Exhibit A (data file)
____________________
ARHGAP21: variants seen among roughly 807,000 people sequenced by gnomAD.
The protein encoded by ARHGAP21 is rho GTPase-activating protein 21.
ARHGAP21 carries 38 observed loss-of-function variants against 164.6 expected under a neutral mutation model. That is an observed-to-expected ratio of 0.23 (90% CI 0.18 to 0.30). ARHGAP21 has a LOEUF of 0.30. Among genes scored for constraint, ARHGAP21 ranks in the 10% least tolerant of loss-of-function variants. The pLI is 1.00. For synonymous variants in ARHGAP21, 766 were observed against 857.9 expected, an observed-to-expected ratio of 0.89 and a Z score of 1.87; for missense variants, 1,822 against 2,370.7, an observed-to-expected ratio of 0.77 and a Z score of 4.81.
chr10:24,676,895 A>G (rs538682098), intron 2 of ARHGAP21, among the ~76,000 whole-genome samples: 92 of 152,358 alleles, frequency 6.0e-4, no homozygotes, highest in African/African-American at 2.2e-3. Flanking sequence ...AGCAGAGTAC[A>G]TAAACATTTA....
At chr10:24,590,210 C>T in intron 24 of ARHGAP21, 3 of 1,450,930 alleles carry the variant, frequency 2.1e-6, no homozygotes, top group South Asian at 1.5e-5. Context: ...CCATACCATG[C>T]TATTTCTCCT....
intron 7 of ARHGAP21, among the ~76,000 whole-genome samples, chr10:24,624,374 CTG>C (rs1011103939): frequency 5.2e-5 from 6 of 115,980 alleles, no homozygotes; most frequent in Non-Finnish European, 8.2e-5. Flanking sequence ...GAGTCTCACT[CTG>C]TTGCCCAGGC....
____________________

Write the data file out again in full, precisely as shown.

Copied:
ARHGAP21: variants seen among roughly 807,000 people sequenced by gnomAD.
The protein encoded by ARHGAP21 is rho GTPase-activating protein 21.
ARHGAP21 carries 38 observed loss-of-function variants against 164.6 expected under a neutral mutation model. That is an observed-to-expected ratio of 0.23 (90% CI 0.18 to 0.30). ARHGAP21 has a LOEUF of 0.30. Among genes scored for constraint, ARHGAP21 ranks in the 10% least tolerant of loss-of-function variants. The pLI is 1.00. For synonymous variants in ARHGAP21, 766 were observed against 857.9 expected, an observed-to-expected ratio of 0.89 and a Z score of 1.87; for missense variants, 1,822 against 2,370.7, an observed-to-expected ratio of 0.77 and a Z score of 4.81.
chr10:24,676,895 A>G (rs538682098), intron 2 of ARHGAP21, among the ~76,000 whole-genome samples: 92 of 152,358 alleles, frequency 6.0e-4, no homozygotes, highest in African/African-American at 2.2e-3. Flanking sequence ...AGCAGAGTAC[A>G]TAAACATTTA....
At chr10:24,590,210 C>T in intron 24 of ARHGAP21, 3 of 1,450,930 alleles carry the variant, frequency 2.1e-6, no homozygotes, top group South Asian at 1.5e-5. Context: ...CCATACCATG[C>T]TATTTCTCCT....
intron 7 of ARHGAP21, among the ~76,000 whole-genome samples, chr10:24,624,374 CTG>C (rs1011103939): frequency 5.2e-5 from 6 of 115,980 alleles, no homozygotes; most frequent in Non-Finnish European, 8.2e-5. Flanking sequence ...GAGTCTCACT[CTG>C]TTGCCCAGGC....